Issues of concern to people who live in the west: property rights, water rights, endangered species, livestock grazing, energy production, wilderness and western agriculture. Plus a few items on western history, western literature and the sport of rodeo... Frank DuBois served as the NM Secretary of Agriculture from 1988 to 2003. DuBois is a former legislative assistant to a U.S. Senator, a Deputy Assistant Secretary of Interior, and is the founder of the DuBois Rodeo Scholarship.
Friday, December 28, 2012
Why all the cool kids are reading Executive Order 13423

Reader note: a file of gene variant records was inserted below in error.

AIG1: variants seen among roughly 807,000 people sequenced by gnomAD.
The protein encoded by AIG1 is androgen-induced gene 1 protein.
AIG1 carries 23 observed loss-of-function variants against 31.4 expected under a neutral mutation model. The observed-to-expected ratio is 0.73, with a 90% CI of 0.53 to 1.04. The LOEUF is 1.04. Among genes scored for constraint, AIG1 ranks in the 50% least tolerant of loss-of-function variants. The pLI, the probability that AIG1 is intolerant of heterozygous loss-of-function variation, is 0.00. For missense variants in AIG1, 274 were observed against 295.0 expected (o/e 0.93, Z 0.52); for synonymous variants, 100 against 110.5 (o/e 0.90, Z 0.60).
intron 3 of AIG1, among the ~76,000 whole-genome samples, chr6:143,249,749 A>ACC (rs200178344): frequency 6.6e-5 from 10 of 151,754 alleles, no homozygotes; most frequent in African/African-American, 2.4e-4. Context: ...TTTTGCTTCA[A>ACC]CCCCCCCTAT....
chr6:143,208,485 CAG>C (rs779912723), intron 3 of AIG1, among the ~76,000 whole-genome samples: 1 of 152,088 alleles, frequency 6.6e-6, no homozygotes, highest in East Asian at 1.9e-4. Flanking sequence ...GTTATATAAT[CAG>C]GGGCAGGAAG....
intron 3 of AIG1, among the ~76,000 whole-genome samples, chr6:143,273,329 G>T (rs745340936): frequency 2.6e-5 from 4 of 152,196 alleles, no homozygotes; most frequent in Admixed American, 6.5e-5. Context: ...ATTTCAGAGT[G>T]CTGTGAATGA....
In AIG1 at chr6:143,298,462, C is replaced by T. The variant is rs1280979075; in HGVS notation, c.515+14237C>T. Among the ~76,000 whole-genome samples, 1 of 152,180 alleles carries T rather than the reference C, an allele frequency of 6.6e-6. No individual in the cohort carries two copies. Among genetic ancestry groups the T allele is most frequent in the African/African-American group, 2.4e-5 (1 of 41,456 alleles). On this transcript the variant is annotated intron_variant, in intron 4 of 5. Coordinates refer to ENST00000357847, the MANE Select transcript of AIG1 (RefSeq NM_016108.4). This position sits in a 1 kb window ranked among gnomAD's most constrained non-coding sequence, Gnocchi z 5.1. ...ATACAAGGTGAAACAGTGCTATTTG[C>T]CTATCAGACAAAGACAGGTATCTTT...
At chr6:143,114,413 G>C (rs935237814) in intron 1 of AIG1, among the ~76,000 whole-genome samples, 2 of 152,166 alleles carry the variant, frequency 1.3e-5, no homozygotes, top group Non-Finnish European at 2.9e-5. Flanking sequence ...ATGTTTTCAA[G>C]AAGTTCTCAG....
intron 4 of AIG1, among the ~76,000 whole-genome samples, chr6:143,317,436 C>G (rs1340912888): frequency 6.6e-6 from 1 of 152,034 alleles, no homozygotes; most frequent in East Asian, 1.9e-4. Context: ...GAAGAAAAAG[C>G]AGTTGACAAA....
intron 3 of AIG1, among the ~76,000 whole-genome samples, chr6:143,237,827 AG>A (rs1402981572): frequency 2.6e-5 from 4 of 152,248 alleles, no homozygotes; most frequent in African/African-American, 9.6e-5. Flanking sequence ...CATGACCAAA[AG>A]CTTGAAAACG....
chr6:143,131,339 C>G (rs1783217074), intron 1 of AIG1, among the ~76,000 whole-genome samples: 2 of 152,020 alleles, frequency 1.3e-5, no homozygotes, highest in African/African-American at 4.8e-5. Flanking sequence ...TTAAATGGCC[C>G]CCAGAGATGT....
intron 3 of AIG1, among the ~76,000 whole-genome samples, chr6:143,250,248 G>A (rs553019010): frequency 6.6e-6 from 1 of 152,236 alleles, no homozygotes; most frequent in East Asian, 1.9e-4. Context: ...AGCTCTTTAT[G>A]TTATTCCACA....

A war of words is brewing. But this one doesn’t involve slinging insults. It’s a battle over what forms of writing – novels, poems, and non-fiction – will define English instruction for millions of American schoolchildren in the years to come. Sparking this war is the Common Core standards push – an effort to nationalize the standards and assessments upon which every public school in America would base its curriculum. The Obama administration has poured billions of dollars into the effort via federal “Race to the Top” grants. As always when it comes to federal largesse, there are strings attached. And in this case, it’s pulling the rug out from under classic literature. Literacy experts point out that The Common Core denigrates the value of teaching literature in the classroom. Instead, English teachers are being told that 50 percent of their course material must be derived from “informational texts.” (Actually, the informational text requirement starts at a “mere” 25 percent of reading material for kindergarteners. It rises to 70 percent for high school seniors.) What, exactly, meets the definition of informational texts? Among those recommended on the national standards list we find The Federal Reserve Bank’s “FedViews,” “The Evolution of the Grocery Bag,” and “Health Care Costs in McAllen, Texas.” And, roll over “For Whom the Bell Tolls” it’s time to make way for that GSA classic: “Executive Order 13423: Strengthening Federal Environmental, Energy, and Transportation Management.” Thus is the literary genius of Washington bureaucrats elevated over that of Hugo, Heller, and Huxley. Eschewing great literature for ghastly technical reports doesn’t make much sense to those charged with getting young people to read—hopefully with some degree of enthusiasm. And there’s a total lack of research suggesting that education will be advanced by a forced march to Executive Orders...more